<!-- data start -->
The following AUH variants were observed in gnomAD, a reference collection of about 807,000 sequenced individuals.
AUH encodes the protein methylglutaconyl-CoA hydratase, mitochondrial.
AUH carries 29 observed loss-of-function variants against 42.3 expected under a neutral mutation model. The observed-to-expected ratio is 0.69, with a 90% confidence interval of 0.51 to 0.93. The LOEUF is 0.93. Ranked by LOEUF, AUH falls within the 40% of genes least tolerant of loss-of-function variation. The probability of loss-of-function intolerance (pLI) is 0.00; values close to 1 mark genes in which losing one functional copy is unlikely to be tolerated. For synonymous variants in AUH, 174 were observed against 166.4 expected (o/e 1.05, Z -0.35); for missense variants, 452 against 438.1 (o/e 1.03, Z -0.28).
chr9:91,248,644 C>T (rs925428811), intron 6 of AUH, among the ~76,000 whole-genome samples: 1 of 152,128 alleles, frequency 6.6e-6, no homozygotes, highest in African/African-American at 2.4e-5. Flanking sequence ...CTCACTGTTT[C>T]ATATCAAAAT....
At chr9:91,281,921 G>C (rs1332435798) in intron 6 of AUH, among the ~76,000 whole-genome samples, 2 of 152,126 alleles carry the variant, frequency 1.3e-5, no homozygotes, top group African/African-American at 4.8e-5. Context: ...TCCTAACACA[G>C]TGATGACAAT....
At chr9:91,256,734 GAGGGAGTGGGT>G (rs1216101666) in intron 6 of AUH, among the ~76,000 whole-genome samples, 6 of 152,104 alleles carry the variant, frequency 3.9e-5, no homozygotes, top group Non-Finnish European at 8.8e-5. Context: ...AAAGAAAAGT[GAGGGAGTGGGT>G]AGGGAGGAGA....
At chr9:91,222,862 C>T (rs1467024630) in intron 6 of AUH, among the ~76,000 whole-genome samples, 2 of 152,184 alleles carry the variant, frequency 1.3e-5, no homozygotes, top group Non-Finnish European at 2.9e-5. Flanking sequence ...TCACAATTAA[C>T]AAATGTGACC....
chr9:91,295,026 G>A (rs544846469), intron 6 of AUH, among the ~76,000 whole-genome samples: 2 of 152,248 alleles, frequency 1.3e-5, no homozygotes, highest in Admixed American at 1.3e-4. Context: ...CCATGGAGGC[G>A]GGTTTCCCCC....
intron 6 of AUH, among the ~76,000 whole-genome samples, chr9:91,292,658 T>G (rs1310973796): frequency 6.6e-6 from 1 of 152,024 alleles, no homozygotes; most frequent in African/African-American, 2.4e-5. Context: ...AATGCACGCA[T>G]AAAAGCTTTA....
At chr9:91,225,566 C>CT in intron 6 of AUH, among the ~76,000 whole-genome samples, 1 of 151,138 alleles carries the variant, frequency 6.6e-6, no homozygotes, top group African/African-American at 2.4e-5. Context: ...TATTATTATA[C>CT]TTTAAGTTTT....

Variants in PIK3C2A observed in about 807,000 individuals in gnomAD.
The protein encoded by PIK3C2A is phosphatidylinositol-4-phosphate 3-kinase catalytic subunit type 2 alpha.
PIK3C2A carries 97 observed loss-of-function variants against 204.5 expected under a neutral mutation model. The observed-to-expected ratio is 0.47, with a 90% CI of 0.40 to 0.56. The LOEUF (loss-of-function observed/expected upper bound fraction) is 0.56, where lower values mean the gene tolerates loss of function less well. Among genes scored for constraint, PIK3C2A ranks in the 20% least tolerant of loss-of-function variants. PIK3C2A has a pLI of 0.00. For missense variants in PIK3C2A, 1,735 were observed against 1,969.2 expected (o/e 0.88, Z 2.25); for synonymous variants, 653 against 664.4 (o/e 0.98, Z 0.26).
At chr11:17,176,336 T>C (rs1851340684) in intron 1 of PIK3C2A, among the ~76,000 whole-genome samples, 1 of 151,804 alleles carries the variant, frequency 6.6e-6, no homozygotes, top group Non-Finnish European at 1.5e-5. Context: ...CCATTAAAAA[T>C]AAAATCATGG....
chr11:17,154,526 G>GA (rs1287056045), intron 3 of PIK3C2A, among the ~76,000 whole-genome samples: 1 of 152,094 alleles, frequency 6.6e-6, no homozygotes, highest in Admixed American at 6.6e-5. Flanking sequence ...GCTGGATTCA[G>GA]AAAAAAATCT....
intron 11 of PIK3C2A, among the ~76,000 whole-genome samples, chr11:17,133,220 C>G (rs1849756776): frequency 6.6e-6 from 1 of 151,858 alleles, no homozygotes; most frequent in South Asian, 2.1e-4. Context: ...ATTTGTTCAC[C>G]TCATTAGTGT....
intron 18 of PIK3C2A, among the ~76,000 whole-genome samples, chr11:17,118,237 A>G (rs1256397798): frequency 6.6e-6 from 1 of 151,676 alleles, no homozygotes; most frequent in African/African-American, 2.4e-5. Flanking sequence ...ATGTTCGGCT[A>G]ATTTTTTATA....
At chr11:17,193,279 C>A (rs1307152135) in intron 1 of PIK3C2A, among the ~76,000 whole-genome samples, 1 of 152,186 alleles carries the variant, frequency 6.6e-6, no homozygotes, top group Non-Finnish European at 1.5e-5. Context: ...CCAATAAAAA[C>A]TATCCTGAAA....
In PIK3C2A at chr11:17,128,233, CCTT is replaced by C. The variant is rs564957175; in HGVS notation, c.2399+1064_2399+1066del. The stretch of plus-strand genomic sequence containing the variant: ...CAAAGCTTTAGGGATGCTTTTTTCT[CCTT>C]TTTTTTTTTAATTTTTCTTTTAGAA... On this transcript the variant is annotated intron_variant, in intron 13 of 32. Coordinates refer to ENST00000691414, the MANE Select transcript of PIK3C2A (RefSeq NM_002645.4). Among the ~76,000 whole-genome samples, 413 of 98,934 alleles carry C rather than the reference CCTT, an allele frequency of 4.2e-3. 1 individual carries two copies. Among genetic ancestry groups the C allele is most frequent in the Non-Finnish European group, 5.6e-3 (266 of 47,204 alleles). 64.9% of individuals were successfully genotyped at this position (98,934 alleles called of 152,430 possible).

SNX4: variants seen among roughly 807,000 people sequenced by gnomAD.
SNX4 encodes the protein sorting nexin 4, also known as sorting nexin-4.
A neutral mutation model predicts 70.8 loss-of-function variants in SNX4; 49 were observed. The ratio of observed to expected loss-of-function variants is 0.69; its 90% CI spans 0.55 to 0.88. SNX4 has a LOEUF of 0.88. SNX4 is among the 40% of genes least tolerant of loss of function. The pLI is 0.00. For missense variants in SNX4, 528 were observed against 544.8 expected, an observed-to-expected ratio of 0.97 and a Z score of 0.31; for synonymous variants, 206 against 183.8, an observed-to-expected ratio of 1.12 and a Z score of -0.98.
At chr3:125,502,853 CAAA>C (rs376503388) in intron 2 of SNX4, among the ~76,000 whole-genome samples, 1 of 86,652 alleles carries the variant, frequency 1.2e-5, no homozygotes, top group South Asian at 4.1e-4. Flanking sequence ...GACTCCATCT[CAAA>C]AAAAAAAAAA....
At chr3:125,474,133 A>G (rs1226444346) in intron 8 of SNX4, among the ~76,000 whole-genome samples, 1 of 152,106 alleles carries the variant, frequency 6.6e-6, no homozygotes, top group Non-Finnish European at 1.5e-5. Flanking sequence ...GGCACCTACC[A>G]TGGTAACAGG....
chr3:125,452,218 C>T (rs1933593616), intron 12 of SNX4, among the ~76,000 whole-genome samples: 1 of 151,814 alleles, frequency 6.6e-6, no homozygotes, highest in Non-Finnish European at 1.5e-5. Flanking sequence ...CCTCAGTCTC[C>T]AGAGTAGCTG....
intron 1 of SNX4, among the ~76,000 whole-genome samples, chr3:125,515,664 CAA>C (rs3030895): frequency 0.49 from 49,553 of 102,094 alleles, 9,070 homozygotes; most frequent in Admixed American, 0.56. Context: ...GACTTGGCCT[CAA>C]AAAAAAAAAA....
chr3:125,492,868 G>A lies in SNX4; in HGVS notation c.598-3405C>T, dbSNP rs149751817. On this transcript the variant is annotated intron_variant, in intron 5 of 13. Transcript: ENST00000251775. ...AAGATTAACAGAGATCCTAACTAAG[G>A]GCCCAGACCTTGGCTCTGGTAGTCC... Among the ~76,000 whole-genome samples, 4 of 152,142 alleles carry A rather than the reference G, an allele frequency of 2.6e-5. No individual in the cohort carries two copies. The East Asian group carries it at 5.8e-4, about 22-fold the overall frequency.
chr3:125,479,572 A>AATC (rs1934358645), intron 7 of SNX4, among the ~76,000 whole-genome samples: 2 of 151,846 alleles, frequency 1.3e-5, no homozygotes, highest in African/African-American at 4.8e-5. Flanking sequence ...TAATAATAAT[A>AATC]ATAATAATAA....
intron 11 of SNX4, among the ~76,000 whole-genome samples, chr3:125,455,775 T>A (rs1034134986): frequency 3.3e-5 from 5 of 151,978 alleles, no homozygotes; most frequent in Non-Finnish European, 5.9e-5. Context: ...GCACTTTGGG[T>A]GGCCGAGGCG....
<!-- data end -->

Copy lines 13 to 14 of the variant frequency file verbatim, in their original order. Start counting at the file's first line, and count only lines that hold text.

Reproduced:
PIK3C2A carries 97 observed loss-of-function variants against 204.5 expected under a neutral mutation model. The observed-to-expected ratio is 0.47, with a 90% CI of 0.40 to 0.56. The LOEUF (loss-of-function observed/expected upper bound fraction) is 0.56, where lower values mean the gene tolerates loss of function less well. Among genes scored for constraint, PIK3C2A ranks in the 20% least tolerant of loss-of-function variants. PIK3C2A has a pLI of 0.00. For missense variants in PIK3C2A, 1,735 were observed against 1,969.2 expected (o/e 0.88, Z 2.25); for synonymous variants, 653 against 664.4 (o/e 0.98, Z 0.26).
At chr11:17,176,336 T>C (rs1851340684) in intron 1 of PIK3C2A, among the ~76,000 whole-genome samples, 1 of 151,804 alleles carries the variant, frequency 6.6e-6, no homozygotes, top group Non-Finnish European at 1.5e-5. Context: ...CCATTAAAAA[T>C]AAAATCATGG....